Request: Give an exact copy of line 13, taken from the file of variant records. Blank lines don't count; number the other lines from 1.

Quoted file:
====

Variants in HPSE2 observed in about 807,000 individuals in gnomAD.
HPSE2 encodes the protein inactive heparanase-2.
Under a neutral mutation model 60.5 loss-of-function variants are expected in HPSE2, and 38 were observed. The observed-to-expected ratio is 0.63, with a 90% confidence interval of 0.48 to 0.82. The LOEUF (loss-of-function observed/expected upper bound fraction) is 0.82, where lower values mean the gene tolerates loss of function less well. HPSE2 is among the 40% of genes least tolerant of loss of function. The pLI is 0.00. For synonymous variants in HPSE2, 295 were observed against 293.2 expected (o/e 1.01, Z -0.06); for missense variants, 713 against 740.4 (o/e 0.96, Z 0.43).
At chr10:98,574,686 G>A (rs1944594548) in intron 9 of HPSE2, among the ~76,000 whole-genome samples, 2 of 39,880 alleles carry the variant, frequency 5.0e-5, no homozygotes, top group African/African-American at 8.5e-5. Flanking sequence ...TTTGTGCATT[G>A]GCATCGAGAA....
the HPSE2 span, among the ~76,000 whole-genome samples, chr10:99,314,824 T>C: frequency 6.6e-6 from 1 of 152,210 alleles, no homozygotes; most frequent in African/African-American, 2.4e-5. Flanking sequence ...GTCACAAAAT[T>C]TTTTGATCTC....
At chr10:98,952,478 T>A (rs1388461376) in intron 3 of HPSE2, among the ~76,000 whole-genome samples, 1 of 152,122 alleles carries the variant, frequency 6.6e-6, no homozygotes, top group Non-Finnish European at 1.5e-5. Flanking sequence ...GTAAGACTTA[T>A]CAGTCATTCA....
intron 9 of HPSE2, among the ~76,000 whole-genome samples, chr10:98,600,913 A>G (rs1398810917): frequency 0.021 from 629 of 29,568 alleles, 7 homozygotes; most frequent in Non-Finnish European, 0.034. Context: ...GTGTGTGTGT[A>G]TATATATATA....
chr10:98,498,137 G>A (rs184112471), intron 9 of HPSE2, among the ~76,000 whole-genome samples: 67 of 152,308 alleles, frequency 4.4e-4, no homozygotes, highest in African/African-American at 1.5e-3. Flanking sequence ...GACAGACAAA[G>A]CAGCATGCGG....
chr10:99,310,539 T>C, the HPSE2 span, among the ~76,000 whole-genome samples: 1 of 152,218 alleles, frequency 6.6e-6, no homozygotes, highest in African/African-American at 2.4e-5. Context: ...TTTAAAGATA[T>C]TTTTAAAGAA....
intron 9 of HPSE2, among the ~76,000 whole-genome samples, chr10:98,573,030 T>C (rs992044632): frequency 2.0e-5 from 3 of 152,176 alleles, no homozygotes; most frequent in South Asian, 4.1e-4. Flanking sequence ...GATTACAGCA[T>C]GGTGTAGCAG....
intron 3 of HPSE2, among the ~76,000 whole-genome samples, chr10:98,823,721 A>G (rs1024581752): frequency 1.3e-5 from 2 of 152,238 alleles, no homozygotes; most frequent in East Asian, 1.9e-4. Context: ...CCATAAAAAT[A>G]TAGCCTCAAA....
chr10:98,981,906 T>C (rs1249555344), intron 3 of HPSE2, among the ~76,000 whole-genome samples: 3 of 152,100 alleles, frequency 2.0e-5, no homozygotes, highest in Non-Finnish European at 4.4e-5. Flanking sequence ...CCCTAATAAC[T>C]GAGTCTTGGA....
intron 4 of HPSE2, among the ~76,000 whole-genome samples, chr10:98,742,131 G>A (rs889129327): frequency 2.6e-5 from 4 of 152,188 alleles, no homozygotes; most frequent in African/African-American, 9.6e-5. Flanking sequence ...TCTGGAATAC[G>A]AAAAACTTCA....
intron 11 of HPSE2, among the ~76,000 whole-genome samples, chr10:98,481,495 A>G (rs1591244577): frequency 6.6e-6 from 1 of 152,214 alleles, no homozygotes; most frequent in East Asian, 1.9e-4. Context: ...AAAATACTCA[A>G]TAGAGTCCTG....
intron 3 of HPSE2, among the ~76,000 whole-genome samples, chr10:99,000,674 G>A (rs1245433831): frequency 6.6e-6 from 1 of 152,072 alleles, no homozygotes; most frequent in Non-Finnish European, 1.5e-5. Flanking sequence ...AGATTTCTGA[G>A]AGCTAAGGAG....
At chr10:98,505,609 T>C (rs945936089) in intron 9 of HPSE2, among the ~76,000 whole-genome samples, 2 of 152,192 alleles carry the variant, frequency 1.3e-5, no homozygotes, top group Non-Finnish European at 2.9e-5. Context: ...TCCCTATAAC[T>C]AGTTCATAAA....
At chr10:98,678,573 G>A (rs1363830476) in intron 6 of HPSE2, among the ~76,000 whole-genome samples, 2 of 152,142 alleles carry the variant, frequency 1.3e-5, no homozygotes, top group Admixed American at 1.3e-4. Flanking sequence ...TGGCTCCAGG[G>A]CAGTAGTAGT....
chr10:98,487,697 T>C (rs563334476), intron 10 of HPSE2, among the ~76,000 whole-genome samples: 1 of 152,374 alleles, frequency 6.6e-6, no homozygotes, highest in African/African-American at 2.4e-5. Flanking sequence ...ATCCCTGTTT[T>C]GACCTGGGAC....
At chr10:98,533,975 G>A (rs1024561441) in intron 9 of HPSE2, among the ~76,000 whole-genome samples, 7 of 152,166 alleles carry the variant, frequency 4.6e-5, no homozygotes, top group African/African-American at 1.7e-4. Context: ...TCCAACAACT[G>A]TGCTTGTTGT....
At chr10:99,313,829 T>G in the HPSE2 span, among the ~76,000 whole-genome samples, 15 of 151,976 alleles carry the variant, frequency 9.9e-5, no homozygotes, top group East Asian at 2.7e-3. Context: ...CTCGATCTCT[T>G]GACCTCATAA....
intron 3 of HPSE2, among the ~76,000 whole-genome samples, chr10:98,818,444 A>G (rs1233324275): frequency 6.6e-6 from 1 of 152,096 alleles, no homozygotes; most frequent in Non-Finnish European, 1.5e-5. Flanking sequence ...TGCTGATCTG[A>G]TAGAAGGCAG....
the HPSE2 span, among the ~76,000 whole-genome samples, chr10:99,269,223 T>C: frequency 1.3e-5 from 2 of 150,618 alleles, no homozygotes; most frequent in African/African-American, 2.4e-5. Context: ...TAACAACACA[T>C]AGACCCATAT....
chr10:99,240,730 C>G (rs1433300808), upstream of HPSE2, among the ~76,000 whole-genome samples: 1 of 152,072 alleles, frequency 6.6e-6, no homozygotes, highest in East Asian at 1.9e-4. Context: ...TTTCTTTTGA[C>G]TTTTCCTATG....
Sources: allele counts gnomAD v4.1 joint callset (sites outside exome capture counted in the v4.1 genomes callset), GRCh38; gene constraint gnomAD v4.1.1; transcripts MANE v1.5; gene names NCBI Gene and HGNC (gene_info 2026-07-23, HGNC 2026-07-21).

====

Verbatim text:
intron 4 of HPSE2, among the ~76,000 whole-genome samples, chr10:98,742,131 G>A (rs889129327): frequency 2.6e-5 from 4 of 152,188 alleles, no homozygotes; most frequent in African/African-American, 9.6e-5. Flanking sequence ...TCTGGAATAC[G>A]AAAAACTTCA....